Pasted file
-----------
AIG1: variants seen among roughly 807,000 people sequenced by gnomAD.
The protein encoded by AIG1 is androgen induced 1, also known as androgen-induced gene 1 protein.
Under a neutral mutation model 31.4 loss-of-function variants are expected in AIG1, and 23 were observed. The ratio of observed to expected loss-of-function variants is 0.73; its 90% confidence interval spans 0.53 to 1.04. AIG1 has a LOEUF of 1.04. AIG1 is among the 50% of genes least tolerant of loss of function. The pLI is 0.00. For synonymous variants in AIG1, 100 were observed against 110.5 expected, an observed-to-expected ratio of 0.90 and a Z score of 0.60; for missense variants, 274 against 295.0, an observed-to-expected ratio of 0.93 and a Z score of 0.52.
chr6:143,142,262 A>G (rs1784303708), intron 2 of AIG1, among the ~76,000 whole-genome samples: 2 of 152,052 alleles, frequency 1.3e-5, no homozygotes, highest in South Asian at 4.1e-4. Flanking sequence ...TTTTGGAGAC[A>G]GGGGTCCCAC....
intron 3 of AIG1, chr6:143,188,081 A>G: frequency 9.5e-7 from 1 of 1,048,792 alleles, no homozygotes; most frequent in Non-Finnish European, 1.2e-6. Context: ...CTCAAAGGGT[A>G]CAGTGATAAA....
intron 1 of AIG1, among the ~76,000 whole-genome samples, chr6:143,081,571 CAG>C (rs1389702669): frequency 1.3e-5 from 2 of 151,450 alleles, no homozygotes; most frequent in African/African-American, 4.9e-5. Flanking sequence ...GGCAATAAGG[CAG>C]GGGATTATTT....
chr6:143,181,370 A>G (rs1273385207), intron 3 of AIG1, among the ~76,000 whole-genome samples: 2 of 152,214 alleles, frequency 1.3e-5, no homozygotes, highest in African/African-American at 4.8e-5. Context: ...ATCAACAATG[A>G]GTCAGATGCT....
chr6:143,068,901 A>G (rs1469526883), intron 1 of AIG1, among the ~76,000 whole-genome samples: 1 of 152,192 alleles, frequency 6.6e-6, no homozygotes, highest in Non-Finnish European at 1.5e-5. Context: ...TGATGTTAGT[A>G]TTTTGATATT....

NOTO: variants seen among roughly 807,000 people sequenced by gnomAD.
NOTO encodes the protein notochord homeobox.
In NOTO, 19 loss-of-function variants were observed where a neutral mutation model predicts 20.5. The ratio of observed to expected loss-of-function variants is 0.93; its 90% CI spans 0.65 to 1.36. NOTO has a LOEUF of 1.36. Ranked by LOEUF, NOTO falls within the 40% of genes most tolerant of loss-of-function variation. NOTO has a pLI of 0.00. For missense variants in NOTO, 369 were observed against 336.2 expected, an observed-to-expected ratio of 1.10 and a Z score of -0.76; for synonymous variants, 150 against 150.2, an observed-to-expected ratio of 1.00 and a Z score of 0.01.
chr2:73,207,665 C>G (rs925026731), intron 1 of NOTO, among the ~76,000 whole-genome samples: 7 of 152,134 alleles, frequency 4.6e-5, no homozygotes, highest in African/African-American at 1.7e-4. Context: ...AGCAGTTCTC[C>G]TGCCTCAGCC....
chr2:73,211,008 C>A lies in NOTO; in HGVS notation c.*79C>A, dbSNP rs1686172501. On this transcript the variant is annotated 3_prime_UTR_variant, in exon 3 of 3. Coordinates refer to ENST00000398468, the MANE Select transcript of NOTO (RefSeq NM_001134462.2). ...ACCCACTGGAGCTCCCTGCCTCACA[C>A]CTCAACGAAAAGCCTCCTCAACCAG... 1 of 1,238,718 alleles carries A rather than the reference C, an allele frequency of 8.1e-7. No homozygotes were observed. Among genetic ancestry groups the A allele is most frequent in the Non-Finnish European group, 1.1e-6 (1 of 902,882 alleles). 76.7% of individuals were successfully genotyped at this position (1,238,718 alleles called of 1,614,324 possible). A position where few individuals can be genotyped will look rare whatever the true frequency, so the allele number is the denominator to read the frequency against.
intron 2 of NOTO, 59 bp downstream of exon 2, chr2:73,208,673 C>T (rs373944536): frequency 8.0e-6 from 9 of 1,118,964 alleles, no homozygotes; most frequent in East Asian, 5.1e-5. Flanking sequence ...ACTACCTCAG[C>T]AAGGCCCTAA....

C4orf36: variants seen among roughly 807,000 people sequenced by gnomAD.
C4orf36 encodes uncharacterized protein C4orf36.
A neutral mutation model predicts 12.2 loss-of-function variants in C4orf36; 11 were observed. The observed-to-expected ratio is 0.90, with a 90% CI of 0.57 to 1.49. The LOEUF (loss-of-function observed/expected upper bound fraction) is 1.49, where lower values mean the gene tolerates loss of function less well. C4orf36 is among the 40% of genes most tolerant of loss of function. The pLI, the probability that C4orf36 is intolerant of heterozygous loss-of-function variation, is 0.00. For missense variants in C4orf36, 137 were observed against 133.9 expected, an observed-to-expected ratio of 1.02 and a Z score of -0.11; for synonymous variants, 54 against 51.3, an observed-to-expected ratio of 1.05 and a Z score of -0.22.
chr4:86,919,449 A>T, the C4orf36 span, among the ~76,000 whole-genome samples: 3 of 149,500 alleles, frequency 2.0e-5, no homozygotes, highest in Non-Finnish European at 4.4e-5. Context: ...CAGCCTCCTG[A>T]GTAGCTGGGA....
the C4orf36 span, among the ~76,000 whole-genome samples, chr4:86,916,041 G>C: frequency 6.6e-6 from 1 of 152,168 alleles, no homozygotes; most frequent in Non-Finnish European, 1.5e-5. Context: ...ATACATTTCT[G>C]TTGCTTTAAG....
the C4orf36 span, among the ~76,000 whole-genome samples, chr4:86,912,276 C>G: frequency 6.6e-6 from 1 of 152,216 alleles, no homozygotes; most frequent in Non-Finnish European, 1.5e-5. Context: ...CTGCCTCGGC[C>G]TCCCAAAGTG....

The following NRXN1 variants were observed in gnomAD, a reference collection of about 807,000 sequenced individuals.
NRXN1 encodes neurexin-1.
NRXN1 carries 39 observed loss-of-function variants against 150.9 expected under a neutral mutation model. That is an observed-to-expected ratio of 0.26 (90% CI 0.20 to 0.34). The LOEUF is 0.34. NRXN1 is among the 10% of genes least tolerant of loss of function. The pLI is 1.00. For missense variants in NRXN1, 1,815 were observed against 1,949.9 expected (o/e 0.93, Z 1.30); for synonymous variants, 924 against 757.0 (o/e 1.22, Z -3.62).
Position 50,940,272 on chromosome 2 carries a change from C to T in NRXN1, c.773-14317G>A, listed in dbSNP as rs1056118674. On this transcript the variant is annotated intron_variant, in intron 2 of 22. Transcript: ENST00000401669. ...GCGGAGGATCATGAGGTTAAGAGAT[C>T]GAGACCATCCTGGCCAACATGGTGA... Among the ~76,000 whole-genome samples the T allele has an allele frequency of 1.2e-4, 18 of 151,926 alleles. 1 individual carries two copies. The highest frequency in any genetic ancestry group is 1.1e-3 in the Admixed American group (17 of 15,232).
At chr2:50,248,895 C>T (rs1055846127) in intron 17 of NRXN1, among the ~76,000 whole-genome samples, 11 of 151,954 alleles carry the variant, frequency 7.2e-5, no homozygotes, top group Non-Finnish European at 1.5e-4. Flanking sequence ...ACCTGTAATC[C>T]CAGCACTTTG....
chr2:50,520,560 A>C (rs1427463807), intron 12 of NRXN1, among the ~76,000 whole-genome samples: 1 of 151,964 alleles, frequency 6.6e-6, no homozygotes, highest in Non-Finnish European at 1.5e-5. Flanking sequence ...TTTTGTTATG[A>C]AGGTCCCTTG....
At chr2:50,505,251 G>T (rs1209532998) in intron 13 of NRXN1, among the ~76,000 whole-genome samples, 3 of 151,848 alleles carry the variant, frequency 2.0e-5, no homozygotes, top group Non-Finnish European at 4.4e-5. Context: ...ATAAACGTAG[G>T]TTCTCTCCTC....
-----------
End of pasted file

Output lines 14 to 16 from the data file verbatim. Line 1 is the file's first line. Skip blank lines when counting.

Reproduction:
intron 2 of NOTO, 59 bp downstream of exon 2, chr2:73,208,673 C>T (rs373944536): frequency 8.0e-6 from 9 of 1,118,964 alleles, no homozygotes; most frequent in East Asian, 5.1e-5. Flanking sequence ...ACTACCTCAG[C>T]AAGGCCCTAA....

C4orf36: variants seen among roughly 807,000 people sequenced by gnomAD.
C4orf36 encodes uncharacterized protein C4orf36.